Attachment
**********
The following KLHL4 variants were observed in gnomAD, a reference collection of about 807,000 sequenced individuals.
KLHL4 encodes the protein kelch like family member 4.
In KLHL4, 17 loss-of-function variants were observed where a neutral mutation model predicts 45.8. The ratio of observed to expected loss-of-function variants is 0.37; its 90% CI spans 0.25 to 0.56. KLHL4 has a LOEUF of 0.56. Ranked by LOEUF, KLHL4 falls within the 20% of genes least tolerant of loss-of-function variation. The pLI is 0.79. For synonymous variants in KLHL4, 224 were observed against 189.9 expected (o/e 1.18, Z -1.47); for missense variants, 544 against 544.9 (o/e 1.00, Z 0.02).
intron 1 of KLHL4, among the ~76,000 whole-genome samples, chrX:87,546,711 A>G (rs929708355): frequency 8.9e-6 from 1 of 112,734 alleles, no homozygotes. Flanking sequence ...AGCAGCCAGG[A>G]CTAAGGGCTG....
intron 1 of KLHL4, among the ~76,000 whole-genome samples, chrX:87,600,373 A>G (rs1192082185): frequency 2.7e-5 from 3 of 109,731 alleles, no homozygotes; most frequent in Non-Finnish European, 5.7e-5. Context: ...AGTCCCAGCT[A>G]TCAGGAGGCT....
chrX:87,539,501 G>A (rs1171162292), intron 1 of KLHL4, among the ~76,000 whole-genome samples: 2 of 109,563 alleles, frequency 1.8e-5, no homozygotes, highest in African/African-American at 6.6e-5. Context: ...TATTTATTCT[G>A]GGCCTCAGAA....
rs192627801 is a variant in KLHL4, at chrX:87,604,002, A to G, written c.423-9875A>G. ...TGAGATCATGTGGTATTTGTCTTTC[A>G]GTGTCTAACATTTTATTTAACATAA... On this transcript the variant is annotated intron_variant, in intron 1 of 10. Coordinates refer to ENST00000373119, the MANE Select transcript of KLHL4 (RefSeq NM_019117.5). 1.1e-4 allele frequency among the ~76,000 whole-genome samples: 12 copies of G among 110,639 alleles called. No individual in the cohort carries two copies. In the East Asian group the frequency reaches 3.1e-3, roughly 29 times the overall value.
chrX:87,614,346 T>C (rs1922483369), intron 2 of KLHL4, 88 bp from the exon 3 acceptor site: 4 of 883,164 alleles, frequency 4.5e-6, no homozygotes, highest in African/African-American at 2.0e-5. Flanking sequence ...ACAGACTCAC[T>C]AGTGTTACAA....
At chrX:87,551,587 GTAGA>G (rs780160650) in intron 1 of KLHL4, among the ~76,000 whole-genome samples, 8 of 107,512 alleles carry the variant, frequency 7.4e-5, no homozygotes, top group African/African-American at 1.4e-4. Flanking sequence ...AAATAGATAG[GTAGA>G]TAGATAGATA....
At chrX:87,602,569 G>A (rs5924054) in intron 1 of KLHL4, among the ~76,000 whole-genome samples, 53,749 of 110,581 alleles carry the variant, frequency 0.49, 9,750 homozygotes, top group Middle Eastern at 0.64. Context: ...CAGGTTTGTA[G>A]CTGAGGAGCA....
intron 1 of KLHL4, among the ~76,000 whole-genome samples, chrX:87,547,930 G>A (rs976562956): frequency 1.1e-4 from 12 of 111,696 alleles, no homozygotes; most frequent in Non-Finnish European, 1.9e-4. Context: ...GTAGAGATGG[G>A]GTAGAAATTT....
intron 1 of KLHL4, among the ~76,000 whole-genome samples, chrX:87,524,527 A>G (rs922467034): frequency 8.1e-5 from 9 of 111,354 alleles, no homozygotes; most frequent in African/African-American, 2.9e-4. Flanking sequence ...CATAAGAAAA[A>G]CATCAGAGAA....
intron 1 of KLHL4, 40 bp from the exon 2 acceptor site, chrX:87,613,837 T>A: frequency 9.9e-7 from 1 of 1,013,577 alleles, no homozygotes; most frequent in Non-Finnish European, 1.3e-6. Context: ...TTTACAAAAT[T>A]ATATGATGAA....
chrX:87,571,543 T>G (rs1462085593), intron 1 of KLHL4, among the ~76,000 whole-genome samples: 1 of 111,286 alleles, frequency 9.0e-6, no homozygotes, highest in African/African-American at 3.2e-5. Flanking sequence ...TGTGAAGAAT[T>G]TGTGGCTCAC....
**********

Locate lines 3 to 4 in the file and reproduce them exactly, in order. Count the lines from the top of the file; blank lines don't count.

In KLHL4, 17 loss-of-function variants were observed where a neutral mutation model predicts 45.8. The ratio of observed to expected loss-of-function variants is 0.37; its 90% CI spans 0.25 to 0.56. KLHL4 has a LOEUF of 0.56. Ranked by LOEUF, KLHL4 falls within the 20% of genes least tolerant of loss-of-function variation. The pLI is 0.79. For synonymous variants in KLHL4, 224 were observed against 189.9 expected (o/e 1.18, Z -1.47); for missense variants, 544 against 544.9 (o/e 1.00, Z 0.02).
intron 1 of KLHL4, among the ~76,000 whole-genome samples, chrX:87,546,711 A>G (rs929708355): frequency 8.9e-6 from 1 of 112,734 alleles, no homozygotes. Flanking sequence ...AGCAGCCAGG[A>G]CTAAGGGCTG....